The bulletin boards of our lives


In my house in Omaha, I have a spare bedroom which serves as my office, for writing, for my work with Nebraskans for Alternatives to the Death Penalty, for doing household business. A cozy place for me and my “stuff.”

One of the first things I wanted for my office was a bulletin board. Call me a 13-year-old if you will, but I like a place where I can pin up little reminders, mementos, favorite pictures. I think my husband was happy to buy me one, because it meant I would not be punching 95 holes in the freshly painted walls but would confine my frequent redesigns to one well-mounted board.

A bulletin board is like a mini-archaeological dig into a person’s life and values. A good bulletin board — or maybe it’s your refrigerator door, or for those organized types, a scrapbook — should change often. It should be organic and evolving.

So what’s on my bulletin board? Lots of family pictures, of course, from various occasions and years, some of them of little folks long grown. Those never fail to tug at my heartstrings.

Here’s a picture of me with Sister Helen Prejean’s arm around me, and another with a Notre Dame Sister when we had an anti-death penalty table at a Catholic pro-life conference. One great thing about having your own bulletin board is that you only display pictures that are flattering to you, and the older I get the harder those are to find.

Owing to my Catholic imagination, there are at least two small crucifixes of varying design, and three angels, one from a little girl whom I taught in preschool years ago. Here’s a holy card of Jesuit saints, and a small list of the year’s copy deadlines for the Catholic Anchor.

And here’s a new addition that means a lot to me: a picture of Frans van der Lugt, the 76-year-old Jesuit who was murdered in Homs, Syria, simply for his beautiful and enduring witness to the suffering Christian and Muslim people of that besieged city. His picture reminds me to pray to this new Catholic martyr. The associate pastor at my parish, Jesuit Father Paddy Gilger, just did a piece about Father van der Lugt at America Magazine.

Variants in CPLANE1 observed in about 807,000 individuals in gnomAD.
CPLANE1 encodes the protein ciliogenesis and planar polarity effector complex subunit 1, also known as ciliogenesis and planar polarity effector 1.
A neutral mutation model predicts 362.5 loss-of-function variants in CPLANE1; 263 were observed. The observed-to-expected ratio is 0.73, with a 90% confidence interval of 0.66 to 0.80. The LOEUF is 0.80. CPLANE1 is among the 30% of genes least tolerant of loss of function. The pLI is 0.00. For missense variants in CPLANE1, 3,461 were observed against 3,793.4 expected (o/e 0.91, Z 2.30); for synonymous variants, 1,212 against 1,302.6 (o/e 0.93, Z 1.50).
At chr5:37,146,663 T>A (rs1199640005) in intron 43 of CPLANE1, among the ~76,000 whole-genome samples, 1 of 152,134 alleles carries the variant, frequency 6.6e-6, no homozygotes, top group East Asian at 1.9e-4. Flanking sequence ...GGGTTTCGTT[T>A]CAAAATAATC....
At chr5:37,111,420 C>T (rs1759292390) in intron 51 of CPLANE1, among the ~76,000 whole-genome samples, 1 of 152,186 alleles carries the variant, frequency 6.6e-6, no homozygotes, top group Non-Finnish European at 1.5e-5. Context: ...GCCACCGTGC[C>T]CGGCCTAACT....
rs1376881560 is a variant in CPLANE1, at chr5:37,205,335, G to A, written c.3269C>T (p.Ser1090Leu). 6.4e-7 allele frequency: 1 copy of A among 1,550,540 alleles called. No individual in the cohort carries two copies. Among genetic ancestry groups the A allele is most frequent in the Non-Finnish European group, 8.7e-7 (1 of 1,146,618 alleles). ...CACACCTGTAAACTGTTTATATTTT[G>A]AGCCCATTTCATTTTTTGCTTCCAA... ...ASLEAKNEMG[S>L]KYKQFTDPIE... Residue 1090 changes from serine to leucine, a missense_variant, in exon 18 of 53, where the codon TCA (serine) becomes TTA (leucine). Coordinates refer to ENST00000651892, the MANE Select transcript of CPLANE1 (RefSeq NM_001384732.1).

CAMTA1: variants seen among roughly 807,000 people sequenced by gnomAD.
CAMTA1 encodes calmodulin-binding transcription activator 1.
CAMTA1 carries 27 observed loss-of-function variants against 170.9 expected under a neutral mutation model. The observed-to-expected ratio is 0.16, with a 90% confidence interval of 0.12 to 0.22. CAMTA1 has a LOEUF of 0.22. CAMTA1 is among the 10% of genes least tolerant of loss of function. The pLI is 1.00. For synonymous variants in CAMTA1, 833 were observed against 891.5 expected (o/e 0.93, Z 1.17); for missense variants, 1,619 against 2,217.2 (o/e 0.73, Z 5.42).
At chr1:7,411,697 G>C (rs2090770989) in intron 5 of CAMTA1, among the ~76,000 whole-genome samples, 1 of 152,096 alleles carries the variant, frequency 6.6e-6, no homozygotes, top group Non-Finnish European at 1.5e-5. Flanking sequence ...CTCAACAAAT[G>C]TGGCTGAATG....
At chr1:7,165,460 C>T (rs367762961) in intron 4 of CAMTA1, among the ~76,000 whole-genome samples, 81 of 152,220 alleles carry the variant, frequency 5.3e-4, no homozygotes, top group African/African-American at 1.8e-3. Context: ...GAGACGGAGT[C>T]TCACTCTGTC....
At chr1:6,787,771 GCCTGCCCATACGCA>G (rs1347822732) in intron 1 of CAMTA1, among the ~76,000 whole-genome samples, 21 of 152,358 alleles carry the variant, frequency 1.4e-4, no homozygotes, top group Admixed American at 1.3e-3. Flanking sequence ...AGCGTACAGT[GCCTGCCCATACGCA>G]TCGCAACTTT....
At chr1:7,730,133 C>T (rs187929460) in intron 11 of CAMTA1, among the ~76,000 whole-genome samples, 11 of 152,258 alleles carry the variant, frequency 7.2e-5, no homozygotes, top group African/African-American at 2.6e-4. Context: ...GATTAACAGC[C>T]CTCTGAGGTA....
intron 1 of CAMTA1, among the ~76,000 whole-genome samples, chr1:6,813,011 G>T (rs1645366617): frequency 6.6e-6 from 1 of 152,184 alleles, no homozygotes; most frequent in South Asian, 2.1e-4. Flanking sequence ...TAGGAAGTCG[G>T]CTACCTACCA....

On my bulletin board there’s a promotional card for “The Urban Abbey,” a fantastic project of the local Methodists. They have a coffee shop and religious bookstore in Omaha’s popular Old Market District, and on Sunday nights they offer worship services there, attracting many who have otherwise abandoned church. Fair trade coffee, plenty of books and homemade goodies from Methodist ladies — what’s not to love?

Here’s a brochure for Father Edward Flanagan, the Irish immigrant who founded Boys Town and is now being promoted for sainthood. This reminds me to pay a call at his tomb, just a few minutes from my house.

Hanging from the bottom of the board: invitations, flyers, retreats.

My bulletin board reminds me of what’s important in my life. The pictures, offering a progression of my life with husband, kids, friends and relatives, reminds me of meaning when life seems pointless. Father van der Lugt’s picture makes me proud to be part of the communion of saints and reminds me to pray to him. The crucifix continually asks me what I’m doing for Christ.

Occasionally, I redesign my board so it doesn’t become rote. I add and subtract.

So here’s to the scrapbooks, the refrigerators doors or the bulletin boards of our lives. And remember: may your pictures all be flattering!


The writer is formerly from Anchorage. She now lives in Omaha, Neb.

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